2019 forecast: Brexit and British politics

The looming Brexit deadline will add stress to an already chaotic situation.

Britain’s exit from the EU continues to face major disruption. UK Prime Minister Theresa May has struggled all year to secure a deal with the EU that the British parliament would back. But hard Brexiteers in her own party steadfastly refuse any compromise Brexit, with many willing to support a no-deal outcome. A crucial parliamentary vote on May’s latest preferred deal scheduled for December 12 was postponed on the basis that she could not secure enough votes for it to pass. May has stated she will seek more concessions from the EU in the hope of winning over her rebellious backbenchers.

Regardless of her negotiating skills, May faces a tough battle to secure support across parliament. Labour seeks a Brexit that retains close relations with the EU, possibly by remaining in the Customs Union. The opposition also wants a new election, which they are expected to win, so they can put their plan into action. The Greens and Scottish Nationalists — firm Remainers — are seeking another referendum to reverse Brexit altogether. May’s government depends on support from the Northern Irish Democratic Unionists, which will not countenance any deal that treats Northern Ireland differently to the rest of the UK.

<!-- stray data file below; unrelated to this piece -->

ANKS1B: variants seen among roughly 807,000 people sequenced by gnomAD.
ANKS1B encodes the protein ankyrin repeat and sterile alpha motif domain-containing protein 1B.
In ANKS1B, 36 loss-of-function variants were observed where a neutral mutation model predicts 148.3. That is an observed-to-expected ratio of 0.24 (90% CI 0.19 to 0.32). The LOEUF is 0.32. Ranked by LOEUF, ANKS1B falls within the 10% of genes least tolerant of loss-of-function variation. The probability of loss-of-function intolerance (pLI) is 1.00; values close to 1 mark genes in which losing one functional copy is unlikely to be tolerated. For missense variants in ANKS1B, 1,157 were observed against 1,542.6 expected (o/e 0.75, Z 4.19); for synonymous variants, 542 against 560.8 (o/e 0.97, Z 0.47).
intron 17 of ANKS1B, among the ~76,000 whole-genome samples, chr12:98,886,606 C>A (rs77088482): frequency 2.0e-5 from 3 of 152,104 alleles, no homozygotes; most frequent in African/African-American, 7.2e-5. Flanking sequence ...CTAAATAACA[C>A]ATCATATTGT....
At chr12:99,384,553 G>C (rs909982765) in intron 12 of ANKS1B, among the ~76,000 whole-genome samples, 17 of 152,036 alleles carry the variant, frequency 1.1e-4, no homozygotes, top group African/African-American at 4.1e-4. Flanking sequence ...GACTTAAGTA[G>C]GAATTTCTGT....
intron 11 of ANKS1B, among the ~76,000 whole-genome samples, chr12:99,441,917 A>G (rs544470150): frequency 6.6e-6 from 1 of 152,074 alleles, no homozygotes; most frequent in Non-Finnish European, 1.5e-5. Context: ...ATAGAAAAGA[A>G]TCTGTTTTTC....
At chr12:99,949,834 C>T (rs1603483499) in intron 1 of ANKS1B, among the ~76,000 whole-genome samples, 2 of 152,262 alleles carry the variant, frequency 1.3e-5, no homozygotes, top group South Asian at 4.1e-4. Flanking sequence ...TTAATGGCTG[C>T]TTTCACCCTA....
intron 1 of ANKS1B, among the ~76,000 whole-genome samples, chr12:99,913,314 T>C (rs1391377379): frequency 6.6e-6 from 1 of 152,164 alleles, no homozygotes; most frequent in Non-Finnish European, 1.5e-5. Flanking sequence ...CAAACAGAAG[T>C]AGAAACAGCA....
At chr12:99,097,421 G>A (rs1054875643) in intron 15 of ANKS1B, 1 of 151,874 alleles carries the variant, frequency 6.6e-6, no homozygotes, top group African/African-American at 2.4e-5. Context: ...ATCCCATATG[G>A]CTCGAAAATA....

The EU is refusing to make any further changes to the plan. Parliament must agree to a deal by January 21, when Britain is required to make a statement about what it intends to do about Brexit going forward. Two months later, the UK will be out of the EU, deal or no deal, unless the Brexit decision is reversed. For the latter to occur, May would likely have to resign. However, there is no clear candidate to succeed her. The hard Brexiteers have the numbers to frustrate May’s plans but not to replace her as PM. Unless tectonic plates move within the ruling conservatives, May will likely remain in office. But given the impasse with the EU, and her steadfast refusal to allow a no-deal Brexit, she will likely need to reach across the aisle and persuade opposition MPs to support her deal.